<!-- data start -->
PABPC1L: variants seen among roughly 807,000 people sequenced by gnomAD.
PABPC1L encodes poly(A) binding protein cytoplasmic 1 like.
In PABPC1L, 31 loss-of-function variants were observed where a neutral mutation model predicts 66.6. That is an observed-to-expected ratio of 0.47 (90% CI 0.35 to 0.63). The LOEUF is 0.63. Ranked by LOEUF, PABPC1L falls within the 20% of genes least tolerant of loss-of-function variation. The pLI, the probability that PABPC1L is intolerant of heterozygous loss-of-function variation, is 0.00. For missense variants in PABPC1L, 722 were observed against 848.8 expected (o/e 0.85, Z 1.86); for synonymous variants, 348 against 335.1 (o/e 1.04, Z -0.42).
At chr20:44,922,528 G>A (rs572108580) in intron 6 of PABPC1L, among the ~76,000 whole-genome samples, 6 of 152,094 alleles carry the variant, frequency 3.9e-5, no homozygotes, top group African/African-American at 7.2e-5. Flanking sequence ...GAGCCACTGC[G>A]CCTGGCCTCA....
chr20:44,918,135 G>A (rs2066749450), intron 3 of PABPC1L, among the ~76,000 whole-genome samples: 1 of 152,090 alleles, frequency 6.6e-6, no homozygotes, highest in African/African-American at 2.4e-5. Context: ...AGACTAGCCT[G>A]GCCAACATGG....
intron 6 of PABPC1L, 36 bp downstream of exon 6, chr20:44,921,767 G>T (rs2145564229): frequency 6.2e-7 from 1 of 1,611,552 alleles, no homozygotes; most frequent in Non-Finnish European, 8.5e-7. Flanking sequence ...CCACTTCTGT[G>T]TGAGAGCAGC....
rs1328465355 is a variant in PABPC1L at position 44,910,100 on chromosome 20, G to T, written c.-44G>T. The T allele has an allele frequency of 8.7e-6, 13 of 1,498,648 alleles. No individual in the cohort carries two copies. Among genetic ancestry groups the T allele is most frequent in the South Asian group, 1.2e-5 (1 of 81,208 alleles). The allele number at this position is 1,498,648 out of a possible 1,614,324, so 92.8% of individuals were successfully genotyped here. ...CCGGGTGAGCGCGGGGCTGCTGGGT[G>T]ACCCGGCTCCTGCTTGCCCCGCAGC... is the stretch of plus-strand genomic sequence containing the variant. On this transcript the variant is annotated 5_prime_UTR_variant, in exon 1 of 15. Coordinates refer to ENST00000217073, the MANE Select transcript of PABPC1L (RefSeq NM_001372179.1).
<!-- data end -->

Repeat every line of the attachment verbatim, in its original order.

PABPC1L: variants seen among roughly 807,000 people sequenced by gnomAD.
PABPC1L encodes poly(A) binding protein cytoplasmic 1 like.
In PABPC1L, 31 loss-of-function variants were observed where a neutral mutation model predicts 66.6. That is an observed-to-expected ratio of 0.47 (90% CI 0.35 to 0.63). The LOEUF is 0.63. Ranked by LOEUF, PABPC1L falls within the 20% of genes least tolerant of loss-of-function variation. The pLI, the probability that PABPC1L is intolerant of heterozygous loss-of-function variation, is 0.00. For missense variants in PABPC1L, 722 were observed against 848.8 expected (o/e 0.85, Z 1.86); for synonymous variants, 348 against 335.1 (o/e 1.04, Z -0.42).
At chr20:44,922,528 G>A (rs572108580) in intron 6 of PABPC1L, among the ~76,000 whole-genome samples, 6 of 152,094 alleles carry the variant, frequency 3.9e-5, no homozygotes, top group African/African-American at 7.2e-5. Flanking sequence ...GAGCCACTGC[G>A]CCTGGCCTCA....
chr20:44,918,135 G>A (rs2066749450), intron 3 of PABPC1L, among the ~76,000 whole-genome samples: 1 of 152,090 alleles, frequency 6.6e-6, no homozygotes, highest in African/African-American at 2.4e-5. Context: ...AGACTAGCCT[G>A]GCCAACATGG....
intron 6 of PABPC1L, 36 bp downstream of exon 6, chr20:44,921,767 G>T (rs2145564229): frequency 6.2e-7 from 1 of 1,611,552 alleles, no homozygotes; most frequent in Non-Finnish European, 8.5e-7. Flanking sequence ...CCACTTCTGT[G>T]TGAGAGCAGC....
rs1328465355 is a variant in PABPC1L at position 44,910,100 on chromosome 20, G to T, written c.-44G>T. The T allele has an allele frequency of 8.7e-6, 13 of 1,498,648 alleles. No individual in the cohort carries two copies. Among genetic ancestry groups the T allele is most frequent in the South Asian group, 1.2e-5 (1 of 81,208 alleles). The allele number at this position is 1,498,648 out of a possible 1,614,324, so 92.8% of individuals were successfully genotyped here. ...CCGGGTGAGCGCGGGGCTGCTGGGT[G>T]ACCCGGCTCCTGCTTGCCCCGCAGC... is the stretch of plus-strand genomic sequence containing the variant. On this transcript the variant is annotated 5_prime_UTR_variant, in exon 1 of 15. Coordinates refer to ENST00000217073, the MANE Select transcript of PABPC1L (RefSeq NM_001372179.1).